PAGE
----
"In order to avoid further tragedies, donors should work more closely with local people to improve the health of children in general, rather than strive for some romantic victory over a single virus alone."
Helen Epstein reflects on the murder of 9 members of a vaccination team working with the United Nations (UN)-sponsored Global Polio Eradication Initiative (GPEI) in Pakistan by gunmen thought to be linked to the Taliban. Epstein urges the GPEI to consider moving away from its one-disease focus in order to address broader community health issues. What she calls "the heroic approach" - "the lavishly funded, multiple immunizations the polio program requires" - does not always make sense to local political leaders and warlords or to ordinary poor people struggling just to keep their children alive.
Acknowledging that polio is a horrible disease, Epstein explains various reasons why the goal of eradication may be elusive. She notes that most child deaths are caused by diarrhoea and pneumonia, often exacerbated by malnutrition. "These diseases are easy to cure if basic health care is available, but often the only thing people see the government doing is intensive polio vaccination....Since the campaigns are usually run by local health workers, this means that during the campaigns, there may be no one at the local clinic to treat sick children in urgent need of care."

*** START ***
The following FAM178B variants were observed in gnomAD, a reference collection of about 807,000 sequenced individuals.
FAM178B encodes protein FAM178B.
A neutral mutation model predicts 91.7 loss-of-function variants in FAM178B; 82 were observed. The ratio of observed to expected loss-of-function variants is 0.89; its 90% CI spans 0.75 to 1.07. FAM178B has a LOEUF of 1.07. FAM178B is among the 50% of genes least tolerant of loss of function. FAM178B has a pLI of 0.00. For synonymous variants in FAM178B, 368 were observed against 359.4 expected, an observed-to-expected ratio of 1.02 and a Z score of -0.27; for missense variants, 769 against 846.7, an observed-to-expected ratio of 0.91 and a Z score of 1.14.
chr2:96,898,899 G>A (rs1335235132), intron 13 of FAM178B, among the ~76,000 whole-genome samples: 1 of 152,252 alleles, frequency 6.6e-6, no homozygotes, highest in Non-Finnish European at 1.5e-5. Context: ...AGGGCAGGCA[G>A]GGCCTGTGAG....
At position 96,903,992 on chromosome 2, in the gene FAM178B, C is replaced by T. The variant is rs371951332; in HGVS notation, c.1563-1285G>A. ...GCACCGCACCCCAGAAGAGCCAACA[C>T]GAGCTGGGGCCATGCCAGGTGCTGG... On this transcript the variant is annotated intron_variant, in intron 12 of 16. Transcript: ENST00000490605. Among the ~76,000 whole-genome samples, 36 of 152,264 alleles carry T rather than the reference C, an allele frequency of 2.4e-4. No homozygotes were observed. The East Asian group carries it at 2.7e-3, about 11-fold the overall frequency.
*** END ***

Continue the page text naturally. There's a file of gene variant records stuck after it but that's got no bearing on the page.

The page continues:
This situation presents communication challenges. "Faced with such invasive visits by foreigners, people living in a region of political turmoil may think the worst. This is why the polio campaigns have raised so much suspicion....In Pakistan, some think the vaccinators are spies, while others can't believe they have the interests of Pakistani children at heart because the campaigns are supported by the same white Westerners who are launching drone strikes that inadvertently kill those same children."
Thus, Epstein suggests that those involved with the GPEI should work closely with local leaders in Pakistan to improve the entire health system so that fewer children suffer from all diseases, including polio. For example, they could support a programme to ensure that clinics are adequately staffed and stocked with medicine and that parents are taught how to recognise and act on dangerous symptoms (fever, relentless coughing, diarrhoea) quickly. If parents delay seeking healthcare perhaps because they think their child's illness is caused by evil spirits or because there is no health worker or medicine at the clinic, it could be too late. "Addressing these problems would help give local people and health workers alike more control over their own well-being, as well as a sense that they are engaged in defining and solving their own problems, rather than relying on the largesse of institutions and states they are (sometimes with good reason) suspicious of."
To illustrate this strategy's potential, she concludes with an example of a programme run in Northern Ghana. Nurses based in clinics built by local volunteers regularly visit every family with a pregnant woman or small child and offer whatever medical help is needed. The nurses cost an additional US$1.92 per person per year, on top of what the government already spends on health - and polio vaccination is part of that programme. "There will be no Nobel Prizes for this type of work because the heroism is widely shared, but every so often, the entire community - chiefs, politicians, civil servants, villagers - gathers to sing and dance in celebration of the nurses, who are seen as champions, not adversaries."
The New York Review of Books (NYR) Blog, and email from Helen Epstein to The Communication Initiative on February 19 2013. Image credit: Behrouz Mehri/AFP/Getty Images